A.G.R. Foulerton
1889 The Lancet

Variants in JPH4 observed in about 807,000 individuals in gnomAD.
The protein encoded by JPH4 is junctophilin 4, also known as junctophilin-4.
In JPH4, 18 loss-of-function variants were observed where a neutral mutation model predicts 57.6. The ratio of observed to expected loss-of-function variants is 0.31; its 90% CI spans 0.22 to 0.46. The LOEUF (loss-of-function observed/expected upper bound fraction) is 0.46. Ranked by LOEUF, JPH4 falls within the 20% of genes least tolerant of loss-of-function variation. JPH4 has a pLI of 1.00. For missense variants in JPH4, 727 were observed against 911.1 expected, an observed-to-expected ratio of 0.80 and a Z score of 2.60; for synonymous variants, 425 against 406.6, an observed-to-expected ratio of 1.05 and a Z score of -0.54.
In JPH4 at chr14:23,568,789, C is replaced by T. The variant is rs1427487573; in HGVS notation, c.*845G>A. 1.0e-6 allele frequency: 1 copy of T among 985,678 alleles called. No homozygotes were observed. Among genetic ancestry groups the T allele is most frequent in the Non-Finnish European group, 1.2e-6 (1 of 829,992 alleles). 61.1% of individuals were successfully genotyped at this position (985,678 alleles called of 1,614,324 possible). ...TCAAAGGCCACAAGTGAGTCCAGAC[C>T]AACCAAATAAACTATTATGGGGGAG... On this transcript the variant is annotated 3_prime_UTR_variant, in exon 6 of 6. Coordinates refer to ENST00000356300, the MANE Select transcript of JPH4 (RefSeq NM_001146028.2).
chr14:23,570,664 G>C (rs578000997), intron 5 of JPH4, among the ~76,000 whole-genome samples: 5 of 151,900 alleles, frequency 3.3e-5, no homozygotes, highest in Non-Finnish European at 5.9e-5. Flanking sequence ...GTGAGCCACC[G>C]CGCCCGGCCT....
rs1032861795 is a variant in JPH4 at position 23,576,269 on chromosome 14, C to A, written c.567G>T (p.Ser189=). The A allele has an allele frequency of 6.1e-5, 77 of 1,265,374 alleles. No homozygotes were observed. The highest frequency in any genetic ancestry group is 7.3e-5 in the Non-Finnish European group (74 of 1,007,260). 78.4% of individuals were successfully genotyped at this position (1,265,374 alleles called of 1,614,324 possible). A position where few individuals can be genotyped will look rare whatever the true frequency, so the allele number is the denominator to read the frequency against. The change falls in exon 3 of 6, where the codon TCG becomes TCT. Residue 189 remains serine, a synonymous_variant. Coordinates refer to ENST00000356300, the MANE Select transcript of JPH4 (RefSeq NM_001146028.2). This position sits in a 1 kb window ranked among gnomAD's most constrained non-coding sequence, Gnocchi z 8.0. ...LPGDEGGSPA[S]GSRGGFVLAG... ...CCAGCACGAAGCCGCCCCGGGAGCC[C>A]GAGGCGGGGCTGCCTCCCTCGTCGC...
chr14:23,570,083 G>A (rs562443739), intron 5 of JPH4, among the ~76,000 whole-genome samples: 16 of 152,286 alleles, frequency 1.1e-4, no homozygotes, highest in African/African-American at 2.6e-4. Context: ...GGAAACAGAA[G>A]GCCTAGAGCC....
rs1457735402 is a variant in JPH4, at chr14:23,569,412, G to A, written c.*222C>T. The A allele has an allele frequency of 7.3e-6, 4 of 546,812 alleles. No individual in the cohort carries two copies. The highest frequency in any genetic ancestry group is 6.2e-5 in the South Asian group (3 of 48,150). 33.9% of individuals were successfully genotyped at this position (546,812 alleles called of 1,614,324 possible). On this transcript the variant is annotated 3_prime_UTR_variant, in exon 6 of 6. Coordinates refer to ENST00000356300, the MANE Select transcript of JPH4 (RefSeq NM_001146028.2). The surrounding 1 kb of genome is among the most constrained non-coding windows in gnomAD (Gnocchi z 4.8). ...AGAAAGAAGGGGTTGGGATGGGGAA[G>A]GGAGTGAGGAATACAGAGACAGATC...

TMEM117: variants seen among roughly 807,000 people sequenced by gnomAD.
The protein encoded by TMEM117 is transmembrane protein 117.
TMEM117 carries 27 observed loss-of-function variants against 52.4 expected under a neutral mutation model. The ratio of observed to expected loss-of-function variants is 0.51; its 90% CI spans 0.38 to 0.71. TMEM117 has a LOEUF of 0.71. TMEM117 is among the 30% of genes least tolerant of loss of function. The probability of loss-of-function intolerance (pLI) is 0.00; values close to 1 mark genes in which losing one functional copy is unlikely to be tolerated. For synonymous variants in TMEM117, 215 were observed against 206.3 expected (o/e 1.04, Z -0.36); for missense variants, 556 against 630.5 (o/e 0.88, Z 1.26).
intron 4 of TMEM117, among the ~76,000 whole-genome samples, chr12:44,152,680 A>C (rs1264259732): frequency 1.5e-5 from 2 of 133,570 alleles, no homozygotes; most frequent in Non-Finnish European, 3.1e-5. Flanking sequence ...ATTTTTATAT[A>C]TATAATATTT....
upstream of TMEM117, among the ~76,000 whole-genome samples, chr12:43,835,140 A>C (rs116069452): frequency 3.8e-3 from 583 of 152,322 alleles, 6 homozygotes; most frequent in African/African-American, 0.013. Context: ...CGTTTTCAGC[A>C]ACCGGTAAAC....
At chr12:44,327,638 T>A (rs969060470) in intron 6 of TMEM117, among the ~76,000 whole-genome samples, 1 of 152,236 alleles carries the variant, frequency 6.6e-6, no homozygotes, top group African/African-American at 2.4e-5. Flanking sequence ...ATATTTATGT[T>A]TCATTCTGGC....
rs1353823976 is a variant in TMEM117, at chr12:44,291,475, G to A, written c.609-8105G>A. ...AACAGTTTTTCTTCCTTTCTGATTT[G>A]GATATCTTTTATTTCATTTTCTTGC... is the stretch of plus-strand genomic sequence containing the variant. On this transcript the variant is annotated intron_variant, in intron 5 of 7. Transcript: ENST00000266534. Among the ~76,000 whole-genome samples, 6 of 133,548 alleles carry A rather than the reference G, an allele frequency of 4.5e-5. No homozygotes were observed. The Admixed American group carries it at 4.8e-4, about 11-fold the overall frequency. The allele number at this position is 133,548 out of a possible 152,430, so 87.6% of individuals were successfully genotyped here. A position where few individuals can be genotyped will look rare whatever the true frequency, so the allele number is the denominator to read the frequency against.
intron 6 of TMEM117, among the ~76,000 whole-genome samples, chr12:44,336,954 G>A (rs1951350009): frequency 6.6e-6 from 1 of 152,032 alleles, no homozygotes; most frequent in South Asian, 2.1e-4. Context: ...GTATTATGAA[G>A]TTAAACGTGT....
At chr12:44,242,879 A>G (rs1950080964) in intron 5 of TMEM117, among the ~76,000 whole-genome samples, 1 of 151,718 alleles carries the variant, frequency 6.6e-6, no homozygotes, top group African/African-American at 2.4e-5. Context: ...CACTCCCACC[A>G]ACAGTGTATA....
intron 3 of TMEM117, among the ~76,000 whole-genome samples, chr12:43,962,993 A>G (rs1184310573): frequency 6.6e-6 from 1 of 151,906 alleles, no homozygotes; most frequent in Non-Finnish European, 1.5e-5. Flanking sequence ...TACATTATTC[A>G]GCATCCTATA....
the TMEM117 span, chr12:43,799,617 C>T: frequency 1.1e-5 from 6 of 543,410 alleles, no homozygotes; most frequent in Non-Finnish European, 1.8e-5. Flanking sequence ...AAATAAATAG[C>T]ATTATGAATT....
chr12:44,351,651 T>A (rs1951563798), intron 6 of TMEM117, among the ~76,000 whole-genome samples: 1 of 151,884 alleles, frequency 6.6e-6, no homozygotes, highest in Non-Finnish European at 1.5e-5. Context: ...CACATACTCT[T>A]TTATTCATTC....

115 and particulars of whose cases I tabulated in the paper already mentioned, I found that 6 per cent. were recorded to have had this symptom. Thus the difficulty is not to establish the existence of the haemorrhage, but to satisfactorily explain how it is produced. In the first cases which I observed, I was struck by the bounding pulse which preceded the bleeding, and thought that some increase of arterial tension might be an important agent, but a more careful investigation showed that,